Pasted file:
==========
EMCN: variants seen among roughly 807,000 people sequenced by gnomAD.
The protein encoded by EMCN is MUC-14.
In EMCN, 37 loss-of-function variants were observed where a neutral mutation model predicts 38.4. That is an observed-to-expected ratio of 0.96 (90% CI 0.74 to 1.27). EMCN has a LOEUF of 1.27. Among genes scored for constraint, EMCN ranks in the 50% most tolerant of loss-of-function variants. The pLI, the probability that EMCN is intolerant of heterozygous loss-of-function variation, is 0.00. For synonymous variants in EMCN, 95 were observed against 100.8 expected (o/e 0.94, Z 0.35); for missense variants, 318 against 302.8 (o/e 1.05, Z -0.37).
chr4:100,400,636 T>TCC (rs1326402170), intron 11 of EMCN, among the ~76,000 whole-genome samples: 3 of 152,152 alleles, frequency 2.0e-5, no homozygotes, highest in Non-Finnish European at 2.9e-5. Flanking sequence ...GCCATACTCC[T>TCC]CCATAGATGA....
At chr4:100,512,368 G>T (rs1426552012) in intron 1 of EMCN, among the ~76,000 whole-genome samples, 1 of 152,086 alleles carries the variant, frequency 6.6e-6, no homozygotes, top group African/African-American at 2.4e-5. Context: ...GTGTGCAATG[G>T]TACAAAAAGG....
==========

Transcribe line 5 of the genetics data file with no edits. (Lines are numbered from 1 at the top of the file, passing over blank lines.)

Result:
At chr4:100,512,368 G>T (rs1426552012) in intron 1 of EMCN, among the ~76,000 whole-genome samples, 1 of 152,086 alleles carries the variant, frequency 6.6e-6, no homozygotes, top group African/African-American at 2.4e-5. Context: ...GTGTGCAATG[G>T]TACAAAAAGG....